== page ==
If there’s one thing people tend to think of when thinking of England, it’s probably the English Garden. Undoubtedly, England is full of gardens.  It may be a secret little alcove in the basement of a city flat, or it might be a vast garden over acres of land like something in a movie, but I guarantee there’s more gardens than you think should be able to fit. Pictured above is one such garden I visited, Stourhead. Stourhead is a wonderful and vast garden with an enormous lake in the center, and a tiny village at the end. Owned now by the National Trust, it was owned and built by a banking family. Much of the garden is Grecian with highlights such as the Temple of Apollo (featured in Pride and Prejudice, the first proposal from Darcy), and the Grottoes featuring statues of nymphs and Neptune. Going to such a vast garden as this makes me wonder. Did the family often walk the whole garden on fair days? It took us nearly an hour and a half to make our way through the whole garden. If I had owned it, I think I’d have done nothing else but walk the grounds, have romantic rendezvous in the dark grottoes, hide from storms in the witch’s cottage, and admire the hills from the lonely island in the lake.

London 196

How different then, you think, is London? The capital of the nation. Well, it is completely different, actually. While the Queen still has her private garden hidden from the public eye, you’d think London didn’t have much room for gardens. London blurs the line of what we would call Gardens and what we’d call Parks. Kensington Gardens was a nice reprieve from the GO.EVERYWHERE.NOW.AS.FAST.AS.YOU.CAN of London. Full of surprisingly well-trained dogs, and a serious lack of plants, it seemed more like a vast park. Kensington Gardens is separated from Hyde Park by a small river and features the infamous Peter Pan statue. While a change from the city, I think this park is much nicer for sitting and picnicking than strolling through on a cold, snowy day.

Bath Abbey Cemetary 3

What fascinates me about England most, I think, isn’t how they incorporate greenery into their busy cities, but instead how they keep history and scenery open to everyone, even through private estates. They do this through a thing called Byways. They are basically footpaths honored by law for respectful, public use. Bath has a couple of these nearby, one of which includes the Bath Abbey Cemetery on its route. Positively the oldest cemetery I have personally been in, I found it to be eerie and peaceful. We entered through the gate and found our way along the soft ground to the center walkway. On either side were headstones nearly as tall as I am, some taller. A small chapel sat center at the end of the cemetery. It was interesting to see how ivy was beginning to take over some stones, while some stones were practically new (1980s). But up in the corner, if you walked to the side of the chapel, there was a small paper map in a plastic covering. The map said that this was part of a Byway, and people were permitted to take the path (through the cemetery and the small woods to the side) up to the Prior Park Estate. In essence, England, I feel, is set up in a way that almost the entirety of the country could be visited on foot.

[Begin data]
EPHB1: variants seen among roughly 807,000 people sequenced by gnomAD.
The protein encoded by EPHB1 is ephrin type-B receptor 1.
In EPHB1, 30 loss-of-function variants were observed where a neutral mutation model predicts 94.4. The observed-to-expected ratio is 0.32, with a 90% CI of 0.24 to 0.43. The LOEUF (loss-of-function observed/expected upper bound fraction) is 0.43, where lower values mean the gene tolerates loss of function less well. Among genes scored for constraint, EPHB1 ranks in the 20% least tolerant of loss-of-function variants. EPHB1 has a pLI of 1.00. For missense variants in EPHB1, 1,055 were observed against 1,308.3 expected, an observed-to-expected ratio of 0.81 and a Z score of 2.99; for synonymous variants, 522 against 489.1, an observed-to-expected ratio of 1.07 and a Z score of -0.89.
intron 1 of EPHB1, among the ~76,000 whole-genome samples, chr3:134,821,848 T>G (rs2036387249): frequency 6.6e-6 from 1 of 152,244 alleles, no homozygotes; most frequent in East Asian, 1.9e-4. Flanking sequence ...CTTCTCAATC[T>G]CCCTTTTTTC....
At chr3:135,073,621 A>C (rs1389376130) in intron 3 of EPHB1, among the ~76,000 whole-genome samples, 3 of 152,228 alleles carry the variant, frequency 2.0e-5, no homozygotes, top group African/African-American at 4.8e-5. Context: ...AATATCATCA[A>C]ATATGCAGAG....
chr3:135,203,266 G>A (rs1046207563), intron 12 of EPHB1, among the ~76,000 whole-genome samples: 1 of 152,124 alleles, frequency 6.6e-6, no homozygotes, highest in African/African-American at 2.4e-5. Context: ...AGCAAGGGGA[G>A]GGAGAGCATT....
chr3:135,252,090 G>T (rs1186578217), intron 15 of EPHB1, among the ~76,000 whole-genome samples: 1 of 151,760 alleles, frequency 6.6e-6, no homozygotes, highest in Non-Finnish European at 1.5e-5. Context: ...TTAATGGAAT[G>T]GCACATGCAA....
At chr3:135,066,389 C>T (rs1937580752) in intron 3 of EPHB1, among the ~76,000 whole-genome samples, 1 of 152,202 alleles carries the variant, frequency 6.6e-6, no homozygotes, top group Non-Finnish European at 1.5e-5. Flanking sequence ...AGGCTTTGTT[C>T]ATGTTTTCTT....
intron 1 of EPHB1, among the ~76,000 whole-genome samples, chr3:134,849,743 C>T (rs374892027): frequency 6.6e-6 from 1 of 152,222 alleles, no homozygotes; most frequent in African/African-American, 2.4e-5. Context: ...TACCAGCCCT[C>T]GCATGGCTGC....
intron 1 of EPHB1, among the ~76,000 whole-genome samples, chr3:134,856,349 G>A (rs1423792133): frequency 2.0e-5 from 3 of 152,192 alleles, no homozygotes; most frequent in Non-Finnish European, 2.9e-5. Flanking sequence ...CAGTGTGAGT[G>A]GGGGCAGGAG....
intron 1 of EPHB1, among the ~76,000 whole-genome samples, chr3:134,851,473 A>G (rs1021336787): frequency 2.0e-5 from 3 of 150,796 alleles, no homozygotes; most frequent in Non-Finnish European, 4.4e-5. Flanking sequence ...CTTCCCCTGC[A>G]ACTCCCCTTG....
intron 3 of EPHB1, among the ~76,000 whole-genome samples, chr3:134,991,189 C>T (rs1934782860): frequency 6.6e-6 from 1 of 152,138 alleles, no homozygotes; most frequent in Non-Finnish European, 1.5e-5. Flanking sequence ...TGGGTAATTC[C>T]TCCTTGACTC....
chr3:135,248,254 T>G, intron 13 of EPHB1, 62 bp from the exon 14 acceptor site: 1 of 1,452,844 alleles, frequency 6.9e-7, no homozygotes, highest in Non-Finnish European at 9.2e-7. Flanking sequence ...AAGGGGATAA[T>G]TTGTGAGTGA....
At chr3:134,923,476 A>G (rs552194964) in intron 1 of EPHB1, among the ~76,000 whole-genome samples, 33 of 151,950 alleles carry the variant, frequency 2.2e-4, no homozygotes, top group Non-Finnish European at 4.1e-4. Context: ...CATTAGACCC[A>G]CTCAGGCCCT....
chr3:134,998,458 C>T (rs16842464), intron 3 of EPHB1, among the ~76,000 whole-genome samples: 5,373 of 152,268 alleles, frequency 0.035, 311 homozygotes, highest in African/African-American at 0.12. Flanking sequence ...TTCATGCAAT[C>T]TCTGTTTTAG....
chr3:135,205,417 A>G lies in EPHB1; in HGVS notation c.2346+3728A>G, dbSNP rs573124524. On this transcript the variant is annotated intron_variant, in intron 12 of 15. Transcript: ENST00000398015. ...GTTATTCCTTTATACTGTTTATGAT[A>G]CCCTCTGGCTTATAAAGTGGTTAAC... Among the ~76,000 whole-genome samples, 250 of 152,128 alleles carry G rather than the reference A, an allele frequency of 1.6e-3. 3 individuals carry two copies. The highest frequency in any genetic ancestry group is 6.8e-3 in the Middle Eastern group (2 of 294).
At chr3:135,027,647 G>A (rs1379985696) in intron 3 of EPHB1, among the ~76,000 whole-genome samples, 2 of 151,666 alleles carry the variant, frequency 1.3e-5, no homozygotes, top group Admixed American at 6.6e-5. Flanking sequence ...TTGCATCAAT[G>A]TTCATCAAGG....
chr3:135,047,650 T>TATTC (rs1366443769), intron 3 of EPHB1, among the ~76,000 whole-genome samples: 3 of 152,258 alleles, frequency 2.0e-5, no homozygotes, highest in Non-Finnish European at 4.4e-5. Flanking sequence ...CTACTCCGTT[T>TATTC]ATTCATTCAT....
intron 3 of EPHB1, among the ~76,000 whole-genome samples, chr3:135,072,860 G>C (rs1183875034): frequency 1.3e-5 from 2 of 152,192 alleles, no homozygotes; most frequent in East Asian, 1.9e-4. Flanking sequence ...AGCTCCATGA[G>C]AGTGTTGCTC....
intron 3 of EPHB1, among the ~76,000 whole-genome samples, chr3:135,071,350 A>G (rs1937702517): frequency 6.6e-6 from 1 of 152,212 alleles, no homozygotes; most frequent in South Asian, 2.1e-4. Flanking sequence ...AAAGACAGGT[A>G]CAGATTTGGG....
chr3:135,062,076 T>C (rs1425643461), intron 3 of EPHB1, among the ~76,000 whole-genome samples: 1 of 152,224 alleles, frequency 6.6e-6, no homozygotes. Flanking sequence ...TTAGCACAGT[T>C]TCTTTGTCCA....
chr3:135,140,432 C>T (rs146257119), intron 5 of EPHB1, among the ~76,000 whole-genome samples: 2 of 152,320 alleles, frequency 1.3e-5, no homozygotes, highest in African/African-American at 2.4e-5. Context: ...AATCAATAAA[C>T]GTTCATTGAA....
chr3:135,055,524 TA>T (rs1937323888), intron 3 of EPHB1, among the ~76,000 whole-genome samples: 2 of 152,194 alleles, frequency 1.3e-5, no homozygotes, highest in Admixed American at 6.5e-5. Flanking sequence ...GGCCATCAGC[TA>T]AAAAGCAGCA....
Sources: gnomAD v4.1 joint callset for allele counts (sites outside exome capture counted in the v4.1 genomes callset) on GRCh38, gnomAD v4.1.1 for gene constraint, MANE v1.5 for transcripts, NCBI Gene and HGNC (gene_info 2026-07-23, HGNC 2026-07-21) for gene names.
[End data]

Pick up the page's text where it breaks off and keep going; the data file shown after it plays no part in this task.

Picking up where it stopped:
We took a school trip to a piece of the Cotswolds. The Cotswolds is kind of like a mountain chain…or as close as England really gets to mountains. But it’s a series of Byways that stretch together and lead from Bath across a comparatively vast region. We walked from an old folly tower, through kissing gates, and across the grazing fields of sheep. There weren’t any sheep in our fields that day, but we saw plenty in the next field over. These paths are not for the unfit, though. Hiking is one thing, hiking through English mud is another. Thankfully, on the Cotswolds day it was so cold the ground was frozen (take your blessing where you can), though I still almost fell once!

 Skywalk 15

Now that I’ve had a taste for adventure, I decided to seek it out myself. I’d heard of something called the Bath Skywalk that is a large circle Byway path that walks in the hills around bath, up to the folly castle, and offers amazing views of the city below. (That pointy spire is right next to my house!) So I set out on Friday up Widcome Hill, yes, UP Widcome Hill, in the curiosity of what was uphill from my house. I thought the hill could only go on for so long…I’m just still unsure of how long that so long is. I have yet to reach the top of Widcome Hill, but that’s another story. A very good ways up the hill, I ran into a kissing gate. I paused, and noticed it had one of those little papers, and on the other side, was a very big, colorful, official map. So I went in. I found myself in a fair field with clear marks of trekking. I took pictures of the map and set out to walk the Skywalk! And got promptly lost in the woods.

After I lost the path in the woods, I started thinking… For being a Skywalk I wasn’t seeing much of the Bath city through the trees. So I opted to turn back, before I lost my converse in the natural spring swamp, and found my way back to my field. After admiring Bath for a time at the top of the field, I studied the map again for quite some time. The map, I decided, was not helpful in the least, but it seemed like the path went along Widcome Hill, not away from it, so I set out downhill, through another kissing gate, and eventually through a farm. By the end, I found myself lost somewhere near the center of the City of Bath. It was quite an adventure, and once I figured myself out, I bought myself a nice bacon and leek pastie from a local shop for my walk home. Next time, I will come prepared for a full 7 mile hike and attempt to do the whole Skywalk, and of course, find the folly castle.